Since the onset of the pandemic, people have looked to ways technology can help lead us out of this crisis — only to be derailed by privacy and trust issues. Recently, a well-intentioned use of algorithms to help create test scores in the U.K. exposed biases affecting the placement of hundreds of thousands of students. Controversy surrounds certain countries’ use of geo-location services for contact tracing. COVID-19 shows that issues of data privacy, safety, and civil rights are more than legal concepts — they are connected and have an impact on people in tangible and deeply personal ways.
With the proper approach, is it possible to embrace technology to fight the pandemic without sacrificing trust or our safety? To answer that question, Salesforce President and Chief Legal Officer Amy Weaver hosted a recent Leading Through Change discussion with two of the leading minds on the responsible and ethical use of technology — Future of Privacy Forum CEO Jules Polonetsky and BSA | The Software Alliance President and CEO Victoria Espinel. Together, they explore how to build and maintain trust while using new technologies to rebuild our communities and regain some sense of normalcy.
Following are highlights from the conversation with Polonetsky and Espinel, in their words. They have been lightly edited for clarity.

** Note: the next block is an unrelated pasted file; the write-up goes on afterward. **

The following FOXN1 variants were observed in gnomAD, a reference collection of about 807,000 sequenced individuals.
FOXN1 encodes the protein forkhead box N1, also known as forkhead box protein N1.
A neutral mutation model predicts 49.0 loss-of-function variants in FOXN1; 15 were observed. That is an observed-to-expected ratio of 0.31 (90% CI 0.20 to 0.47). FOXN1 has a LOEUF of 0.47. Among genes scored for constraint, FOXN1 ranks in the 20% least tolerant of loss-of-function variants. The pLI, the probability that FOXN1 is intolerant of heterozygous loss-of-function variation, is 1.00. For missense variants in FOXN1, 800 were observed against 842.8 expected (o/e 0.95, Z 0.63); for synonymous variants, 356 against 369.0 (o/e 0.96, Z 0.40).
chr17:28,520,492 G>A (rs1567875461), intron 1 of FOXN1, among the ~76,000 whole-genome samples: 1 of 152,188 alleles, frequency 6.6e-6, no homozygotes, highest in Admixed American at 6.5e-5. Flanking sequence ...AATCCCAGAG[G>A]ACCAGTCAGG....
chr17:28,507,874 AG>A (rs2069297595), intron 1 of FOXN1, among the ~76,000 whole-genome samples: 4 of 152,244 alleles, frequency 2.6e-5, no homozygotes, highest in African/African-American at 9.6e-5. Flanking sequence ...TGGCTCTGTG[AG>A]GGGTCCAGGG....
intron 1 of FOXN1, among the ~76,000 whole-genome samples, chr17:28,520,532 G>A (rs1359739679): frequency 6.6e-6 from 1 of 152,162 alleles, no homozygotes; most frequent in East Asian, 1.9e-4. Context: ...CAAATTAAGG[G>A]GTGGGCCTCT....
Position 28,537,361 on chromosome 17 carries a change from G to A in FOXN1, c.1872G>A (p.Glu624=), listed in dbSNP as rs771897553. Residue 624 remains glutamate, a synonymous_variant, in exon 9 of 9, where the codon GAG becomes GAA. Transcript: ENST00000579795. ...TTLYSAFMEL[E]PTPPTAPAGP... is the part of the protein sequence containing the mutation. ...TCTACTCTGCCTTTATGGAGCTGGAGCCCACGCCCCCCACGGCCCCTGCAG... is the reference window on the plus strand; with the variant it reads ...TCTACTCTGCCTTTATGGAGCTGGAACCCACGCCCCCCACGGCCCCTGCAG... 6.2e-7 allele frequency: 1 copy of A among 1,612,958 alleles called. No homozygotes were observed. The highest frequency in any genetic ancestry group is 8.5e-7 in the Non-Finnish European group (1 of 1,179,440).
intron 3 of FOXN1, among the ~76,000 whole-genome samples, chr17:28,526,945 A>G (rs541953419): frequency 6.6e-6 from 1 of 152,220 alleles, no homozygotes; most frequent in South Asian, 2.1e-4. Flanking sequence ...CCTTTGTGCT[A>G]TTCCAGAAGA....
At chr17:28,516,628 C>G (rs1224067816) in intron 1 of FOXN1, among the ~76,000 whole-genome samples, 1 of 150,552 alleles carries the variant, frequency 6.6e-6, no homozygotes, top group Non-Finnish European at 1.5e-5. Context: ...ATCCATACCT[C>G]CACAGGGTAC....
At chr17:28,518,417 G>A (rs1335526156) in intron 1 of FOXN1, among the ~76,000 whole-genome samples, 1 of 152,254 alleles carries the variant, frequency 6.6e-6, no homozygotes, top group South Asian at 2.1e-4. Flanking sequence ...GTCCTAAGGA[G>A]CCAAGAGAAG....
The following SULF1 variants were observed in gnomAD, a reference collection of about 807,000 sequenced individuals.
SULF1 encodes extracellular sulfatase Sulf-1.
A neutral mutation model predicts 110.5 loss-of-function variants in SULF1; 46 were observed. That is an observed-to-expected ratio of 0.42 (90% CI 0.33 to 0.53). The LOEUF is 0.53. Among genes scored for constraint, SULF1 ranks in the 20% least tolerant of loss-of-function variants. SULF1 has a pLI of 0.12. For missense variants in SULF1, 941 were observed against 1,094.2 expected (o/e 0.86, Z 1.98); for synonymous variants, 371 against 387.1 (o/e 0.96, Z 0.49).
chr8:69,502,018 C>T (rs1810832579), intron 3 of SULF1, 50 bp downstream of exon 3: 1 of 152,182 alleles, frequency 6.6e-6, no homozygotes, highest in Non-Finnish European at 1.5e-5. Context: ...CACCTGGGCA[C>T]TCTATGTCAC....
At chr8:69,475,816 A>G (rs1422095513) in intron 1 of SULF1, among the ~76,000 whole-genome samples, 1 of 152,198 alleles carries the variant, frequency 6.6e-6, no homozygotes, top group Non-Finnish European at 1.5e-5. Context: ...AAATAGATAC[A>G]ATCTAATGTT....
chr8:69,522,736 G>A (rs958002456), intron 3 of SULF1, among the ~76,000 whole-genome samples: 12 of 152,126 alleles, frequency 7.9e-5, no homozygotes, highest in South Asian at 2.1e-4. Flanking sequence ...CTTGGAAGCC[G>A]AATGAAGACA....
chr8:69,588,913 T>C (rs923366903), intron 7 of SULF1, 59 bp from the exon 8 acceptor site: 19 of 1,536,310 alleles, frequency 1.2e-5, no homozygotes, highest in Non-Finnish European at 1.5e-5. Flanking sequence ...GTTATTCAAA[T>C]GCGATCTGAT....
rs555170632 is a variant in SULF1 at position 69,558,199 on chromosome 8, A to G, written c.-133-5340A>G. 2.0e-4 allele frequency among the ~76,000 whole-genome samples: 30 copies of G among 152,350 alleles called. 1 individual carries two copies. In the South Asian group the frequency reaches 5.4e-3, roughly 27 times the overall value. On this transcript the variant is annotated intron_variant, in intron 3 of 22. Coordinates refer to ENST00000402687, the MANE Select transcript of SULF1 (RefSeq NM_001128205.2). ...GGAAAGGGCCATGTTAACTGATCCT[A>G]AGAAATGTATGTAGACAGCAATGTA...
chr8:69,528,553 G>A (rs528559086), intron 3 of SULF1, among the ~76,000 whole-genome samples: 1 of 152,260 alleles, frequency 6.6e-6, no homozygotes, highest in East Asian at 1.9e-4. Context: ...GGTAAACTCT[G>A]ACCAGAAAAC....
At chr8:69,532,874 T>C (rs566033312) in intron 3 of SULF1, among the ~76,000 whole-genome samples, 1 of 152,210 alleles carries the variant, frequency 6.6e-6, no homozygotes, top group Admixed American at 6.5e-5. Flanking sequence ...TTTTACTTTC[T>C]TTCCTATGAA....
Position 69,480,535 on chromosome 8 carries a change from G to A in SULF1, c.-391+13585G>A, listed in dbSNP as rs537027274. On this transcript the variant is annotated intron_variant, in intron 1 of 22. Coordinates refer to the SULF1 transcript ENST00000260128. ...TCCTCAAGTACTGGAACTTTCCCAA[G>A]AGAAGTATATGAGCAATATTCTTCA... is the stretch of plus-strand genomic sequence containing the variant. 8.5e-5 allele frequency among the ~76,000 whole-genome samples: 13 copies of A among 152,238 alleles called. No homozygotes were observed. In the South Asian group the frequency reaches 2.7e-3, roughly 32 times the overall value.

Polonetsky (JP): Privacy in data is a human right. This is really about your dignity. Data is power. All of us who have data — whether we're managing our website or providing major services — need to recognize you want to have a trusting relationship. Having the humility to say, “How do I show that I'm truly listening, and understanding how what I do [with the data] affects people? And having your buy-in because I listen and then shape what I do based on a goal of helping the entire community.” You're not going to be trusted unless you go that extra length to actually have buy-in from your stakeholders.
If we share information in a nuanced, balanced way, respecting limits and boundaries in a way that doesn't leave a person hungry or discriminated against, we can get it right. It just takes careful thinking and appreciation for the particular context.
Espinel (VE): There's commonality between privacy and how you build trust. It often comes down to three things: being straightforward and transparent about how and why decisions are made, listening to people's concerns and really trying to understand them, and sticking to what you say. The guiding principle for all of this has to be “no surprises.”
JP: Some countries plunged into contact tracing very quickly, thinking tech would solve the problem and Silicon Valley was going to invent the solutions. It wasn't surprising to see a little bit of a backlash, but there are lessons from some of the early snafus.
This isn't about technology, this is about communicating with the public and understanding what the public health authorities and epidemiologists need. If data is being collected, it should be the minimum [needed]. And most important, it's not going to be used in an adverse way. We want to understand that we are in control, and that we, the community, the school, has bought into the way the data is used.